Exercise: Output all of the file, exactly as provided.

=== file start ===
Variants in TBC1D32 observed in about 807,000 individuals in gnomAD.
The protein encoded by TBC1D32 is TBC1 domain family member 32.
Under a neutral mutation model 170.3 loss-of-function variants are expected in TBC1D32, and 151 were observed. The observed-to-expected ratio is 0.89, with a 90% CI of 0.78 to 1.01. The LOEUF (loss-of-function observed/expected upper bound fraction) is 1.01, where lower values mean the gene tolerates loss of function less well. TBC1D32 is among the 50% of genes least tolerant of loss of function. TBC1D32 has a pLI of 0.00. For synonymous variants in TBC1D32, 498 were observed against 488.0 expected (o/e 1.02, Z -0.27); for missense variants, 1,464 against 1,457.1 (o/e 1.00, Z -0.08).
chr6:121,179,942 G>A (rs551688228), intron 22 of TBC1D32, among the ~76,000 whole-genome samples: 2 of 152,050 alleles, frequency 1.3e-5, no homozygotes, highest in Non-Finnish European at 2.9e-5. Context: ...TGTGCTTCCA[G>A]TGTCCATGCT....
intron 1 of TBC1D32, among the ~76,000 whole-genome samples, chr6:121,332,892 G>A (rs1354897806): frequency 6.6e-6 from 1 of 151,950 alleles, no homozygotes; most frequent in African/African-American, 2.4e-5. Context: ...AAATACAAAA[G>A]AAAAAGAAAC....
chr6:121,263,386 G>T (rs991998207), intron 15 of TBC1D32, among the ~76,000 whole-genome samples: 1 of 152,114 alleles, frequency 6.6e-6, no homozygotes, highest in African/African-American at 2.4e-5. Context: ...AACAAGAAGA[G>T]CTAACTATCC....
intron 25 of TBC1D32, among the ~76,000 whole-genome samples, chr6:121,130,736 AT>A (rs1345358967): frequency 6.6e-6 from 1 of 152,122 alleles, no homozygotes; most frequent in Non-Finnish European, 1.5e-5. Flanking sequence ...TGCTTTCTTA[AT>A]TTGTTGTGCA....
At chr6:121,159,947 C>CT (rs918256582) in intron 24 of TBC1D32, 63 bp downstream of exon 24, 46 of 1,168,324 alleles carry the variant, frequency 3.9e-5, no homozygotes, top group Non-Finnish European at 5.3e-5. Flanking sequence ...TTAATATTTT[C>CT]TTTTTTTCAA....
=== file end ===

Variants in TBC1D32 observed in about 807,000 individuals in gnomAD.
The protein encoded by TBC1D32 is TBC1 domain family member 32.
Under a neutral mutation model 170.3 loss-of-function variants are expected in TBC1D32, and 151 were observed. The observed-to-expected ratio is 0.89, with a 90% CI of 0.78 to 1.01. The LOEUF (loss-of-function observed/expected upper bound fraction) is 1.01, where lower values mean the gene tolerates loss of function less well. TBC1D32 is among the 50% of genes least tolerant of loss of function. TBC1D32 has a pLI of 0.00. For synonymous variants in TBC1D32, 498 were observed against 488.0 expected (o/e 1.02, Z -0.27); for missense variants, 1,464 against 1,457.1 (o/e 1.00, Z -0.08).
chr6:121,179,942 G>A (rs551688228), intron 22 of TBC1D32, among the ~76,000 whole-genome samples: 2 of 152,050 alleles, frequency 1.3e-5, no homozygotes, highest in Non-Finnish European at 2.9e-5. Context: ...TGTGCTTCCA[G>A]TGTCCATGCT....
intron 1 of TBC1D32, among the ~76,000 whole-genome samples, chr6:121,332,892 G>A (rs1354897806): frequency 6.6e-6 from 1 of 151,950 alleles, no homozygotes; most frequent in African/African-American, 2.4e-5. Context: ...AAATACAAAA[G>A]AAAAAGAAAC....
chr6:121,263,386 G>T (rs991998207), intron 15 of TBC1D32, among the ~76,000 whole-genome samples: 1 of 152,114 alleles, frequency 6.6e-6, no homozygotes, highest in African/African-American at 2.4e-5. Context: ...AACAAGAAGA[G>T]CTAACTATCC....
intron 25 of TBC1D32, among the ~76,000 whole-genome samples, chr6:121,130,736 AT>A (rs1345358967): frequency 6.6e-6 from 1 of 152,122 alleles, no homozygotes; most frequent in Non-Finnish European, 1.5e-5. Flanking sequence ...TGCTTTCTTA[AT>A]TTGTTGTGCA....
At chr6:121,159,947 C>CT (rs918256582) in intron 24 of TBC1D32, 63 bp downstream of exon 24, 46 of 1,168,324 alleles carry the variant, frequency 3.9e-5, no homozygotes, top group Non-Finnish European at 5.3e-5. Flanking sequence ...TTAATATTTT[C>CT]TTTTTTTCAA....